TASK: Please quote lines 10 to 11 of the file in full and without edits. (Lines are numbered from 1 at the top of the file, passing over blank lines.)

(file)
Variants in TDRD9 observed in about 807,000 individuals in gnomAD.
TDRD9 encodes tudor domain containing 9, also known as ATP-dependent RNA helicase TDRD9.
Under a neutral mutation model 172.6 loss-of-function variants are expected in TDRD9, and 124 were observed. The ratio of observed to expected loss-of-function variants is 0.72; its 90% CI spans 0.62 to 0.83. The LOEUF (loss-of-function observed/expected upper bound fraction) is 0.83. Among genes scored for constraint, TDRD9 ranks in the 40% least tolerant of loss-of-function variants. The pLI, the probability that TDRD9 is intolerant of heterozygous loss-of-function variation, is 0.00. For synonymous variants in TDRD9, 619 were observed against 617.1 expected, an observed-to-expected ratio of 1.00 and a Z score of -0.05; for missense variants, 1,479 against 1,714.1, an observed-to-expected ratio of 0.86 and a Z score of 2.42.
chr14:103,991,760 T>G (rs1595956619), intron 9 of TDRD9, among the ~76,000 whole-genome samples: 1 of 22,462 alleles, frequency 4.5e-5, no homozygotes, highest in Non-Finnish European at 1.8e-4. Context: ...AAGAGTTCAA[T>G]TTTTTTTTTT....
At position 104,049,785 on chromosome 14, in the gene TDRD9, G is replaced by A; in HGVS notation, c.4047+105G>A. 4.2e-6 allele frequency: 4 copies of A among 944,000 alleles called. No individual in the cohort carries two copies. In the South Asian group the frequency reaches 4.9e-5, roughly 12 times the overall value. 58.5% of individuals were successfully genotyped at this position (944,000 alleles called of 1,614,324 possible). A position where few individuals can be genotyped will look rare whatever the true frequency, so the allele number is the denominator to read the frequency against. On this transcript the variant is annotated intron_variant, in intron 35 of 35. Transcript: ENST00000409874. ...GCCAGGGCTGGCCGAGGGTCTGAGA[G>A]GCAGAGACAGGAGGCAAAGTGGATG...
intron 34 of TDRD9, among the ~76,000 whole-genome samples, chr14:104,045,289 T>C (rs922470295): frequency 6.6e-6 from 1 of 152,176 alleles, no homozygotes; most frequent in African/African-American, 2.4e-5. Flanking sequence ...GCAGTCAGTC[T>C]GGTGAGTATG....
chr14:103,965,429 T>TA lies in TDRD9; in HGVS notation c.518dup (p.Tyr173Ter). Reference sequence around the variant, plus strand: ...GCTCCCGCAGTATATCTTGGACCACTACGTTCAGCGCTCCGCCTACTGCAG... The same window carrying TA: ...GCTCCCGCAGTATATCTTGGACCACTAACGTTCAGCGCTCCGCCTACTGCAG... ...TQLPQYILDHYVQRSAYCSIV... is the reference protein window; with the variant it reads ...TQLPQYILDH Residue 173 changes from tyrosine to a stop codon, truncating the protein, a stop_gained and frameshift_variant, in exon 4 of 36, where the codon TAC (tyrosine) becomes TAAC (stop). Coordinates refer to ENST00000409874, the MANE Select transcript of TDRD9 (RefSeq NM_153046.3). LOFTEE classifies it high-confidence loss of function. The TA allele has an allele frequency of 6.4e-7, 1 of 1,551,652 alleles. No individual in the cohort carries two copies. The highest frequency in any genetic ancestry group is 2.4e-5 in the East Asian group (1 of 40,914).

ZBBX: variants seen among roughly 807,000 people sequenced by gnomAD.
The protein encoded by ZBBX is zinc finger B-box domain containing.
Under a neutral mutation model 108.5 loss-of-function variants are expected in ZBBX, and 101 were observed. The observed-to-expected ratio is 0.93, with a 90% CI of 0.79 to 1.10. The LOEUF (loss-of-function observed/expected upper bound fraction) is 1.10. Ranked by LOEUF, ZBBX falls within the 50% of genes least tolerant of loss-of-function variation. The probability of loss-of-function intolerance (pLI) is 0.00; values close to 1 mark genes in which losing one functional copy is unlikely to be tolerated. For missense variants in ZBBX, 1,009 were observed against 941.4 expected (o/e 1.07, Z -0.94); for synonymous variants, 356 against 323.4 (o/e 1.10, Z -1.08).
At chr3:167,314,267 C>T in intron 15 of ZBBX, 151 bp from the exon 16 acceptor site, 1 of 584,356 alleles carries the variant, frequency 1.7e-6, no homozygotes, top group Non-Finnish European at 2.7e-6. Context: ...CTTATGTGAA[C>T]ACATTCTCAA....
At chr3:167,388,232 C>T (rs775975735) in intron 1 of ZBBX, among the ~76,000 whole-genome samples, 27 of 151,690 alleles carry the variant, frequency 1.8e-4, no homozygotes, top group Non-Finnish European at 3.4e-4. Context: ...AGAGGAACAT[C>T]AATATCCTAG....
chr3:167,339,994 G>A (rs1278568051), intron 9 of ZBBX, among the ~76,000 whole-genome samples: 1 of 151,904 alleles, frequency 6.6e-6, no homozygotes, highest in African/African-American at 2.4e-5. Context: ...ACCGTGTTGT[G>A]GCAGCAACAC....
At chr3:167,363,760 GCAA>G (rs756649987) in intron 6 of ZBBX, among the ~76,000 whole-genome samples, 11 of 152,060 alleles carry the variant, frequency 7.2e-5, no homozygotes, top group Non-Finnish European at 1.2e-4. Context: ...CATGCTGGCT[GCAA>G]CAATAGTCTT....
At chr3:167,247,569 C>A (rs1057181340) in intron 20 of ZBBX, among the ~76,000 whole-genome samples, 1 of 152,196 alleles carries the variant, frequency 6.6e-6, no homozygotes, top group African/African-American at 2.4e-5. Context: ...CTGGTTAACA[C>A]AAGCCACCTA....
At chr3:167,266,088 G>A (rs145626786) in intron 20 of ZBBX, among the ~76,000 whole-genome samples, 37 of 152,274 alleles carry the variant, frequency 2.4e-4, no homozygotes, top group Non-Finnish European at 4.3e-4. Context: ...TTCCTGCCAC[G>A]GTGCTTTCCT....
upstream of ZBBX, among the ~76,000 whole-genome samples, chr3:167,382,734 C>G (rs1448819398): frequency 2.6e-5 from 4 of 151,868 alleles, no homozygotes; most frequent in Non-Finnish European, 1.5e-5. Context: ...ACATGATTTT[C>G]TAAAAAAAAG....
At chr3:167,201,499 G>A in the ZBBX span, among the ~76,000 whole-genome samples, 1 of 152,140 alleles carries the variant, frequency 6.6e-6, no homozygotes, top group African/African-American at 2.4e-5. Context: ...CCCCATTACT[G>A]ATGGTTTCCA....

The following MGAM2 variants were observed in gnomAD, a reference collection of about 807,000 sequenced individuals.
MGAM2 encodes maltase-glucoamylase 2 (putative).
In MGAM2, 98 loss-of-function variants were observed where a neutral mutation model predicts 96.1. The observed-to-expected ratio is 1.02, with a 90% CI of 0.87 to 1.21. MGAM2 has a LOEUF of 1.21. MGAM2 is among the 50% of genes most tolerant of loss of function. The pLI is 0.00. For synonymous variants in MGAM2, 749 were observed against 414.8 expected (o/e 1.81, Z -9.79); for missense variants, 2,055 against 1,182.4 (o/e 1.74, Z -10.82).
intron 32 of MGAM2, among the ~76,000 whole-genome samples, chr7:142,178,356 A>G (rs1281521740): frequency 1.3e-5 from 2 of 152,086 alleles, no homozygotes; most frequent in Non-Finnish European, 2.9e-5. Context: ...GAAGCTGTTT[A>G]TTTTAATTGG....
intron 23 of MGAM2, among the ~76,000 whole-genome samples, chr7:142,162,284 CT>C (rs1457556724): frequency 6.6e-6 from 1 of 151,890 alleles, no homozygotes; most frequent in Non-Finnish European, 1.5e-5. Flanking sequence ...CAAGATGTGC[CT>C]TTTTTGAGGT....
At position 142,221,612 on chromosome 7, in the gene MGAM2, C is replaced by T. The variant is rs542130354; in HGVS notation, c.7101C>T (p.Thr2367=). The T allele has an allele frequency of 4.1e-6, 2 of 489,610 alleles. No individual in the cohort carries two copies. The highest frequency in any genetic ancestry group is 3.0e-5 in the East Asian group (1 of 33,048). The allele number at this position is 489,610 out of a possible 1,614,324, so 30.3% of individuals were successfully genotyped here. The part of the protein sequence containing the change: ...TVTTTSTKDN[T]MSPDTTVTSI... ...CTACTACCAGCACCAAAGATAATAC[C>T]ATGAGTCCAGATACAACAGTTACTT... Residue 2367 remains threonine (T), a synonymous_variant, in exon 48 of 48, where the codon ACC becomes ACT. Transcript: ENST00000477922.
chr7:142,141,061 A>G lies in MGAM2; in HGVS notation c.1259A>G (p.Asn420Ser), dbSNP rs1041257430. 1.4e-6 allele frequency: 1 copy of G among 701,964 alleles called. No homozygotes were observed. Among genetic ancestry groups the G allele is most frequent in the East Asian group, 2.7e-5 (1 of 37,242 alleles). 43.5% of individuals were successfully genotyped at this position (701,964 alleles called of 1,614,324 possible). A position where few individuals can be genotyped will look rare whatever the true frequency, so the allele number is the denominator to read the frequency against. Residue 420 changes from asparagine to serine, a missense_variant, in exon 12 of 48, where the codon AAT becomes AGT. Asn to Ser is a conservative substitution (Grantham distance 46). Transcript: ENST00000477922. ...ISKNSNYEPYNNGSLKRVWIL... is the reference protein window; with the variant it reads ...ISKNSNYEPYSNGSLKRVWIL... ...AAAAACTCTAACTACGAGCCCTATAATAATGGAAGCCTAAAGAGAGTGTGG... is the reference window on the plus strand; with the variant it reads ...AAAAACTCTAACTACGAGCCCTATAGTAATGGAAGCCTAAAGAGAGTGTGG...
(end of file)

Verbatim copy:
Under a neutral mutation model 108.5 loss-of-function variants are expected in ZBBX, and 101 were observed. The observed-to-expected ratio is 0.93, with a 90% CI of 0.79 to 1.10. The LOEUF (loss-of-function observed/expected upper bound fraction) is 1.10. Ranked by LOEUF, ZBBX falls within the 50% of genes least tolerant of loss-of-function variation. The probability of loss-of-function intolerance (pLI) is 0.00; values close to 1 mark genes in which losing one functional copy is unlikely to be tolerated. For missense variants in ZBBX, 1,009 were observed against 941.4 expected (o/e 1.07, Z -0.94); for synonymous variants, 356 against 323.4 (o/e 1.10, Z -1.08).
At chr3:167,314,267 C>T in intron 15 of ZBBX, 151 bp from the exon 16 acceptor site, 1 of 584,356 alleles carries the variant, frequency 1.7e-6, no homozygotes, top group Non-Finnish European at 2.7e-6. Context: ...CTTATGTGAA[C>T]ACATTCTCAA....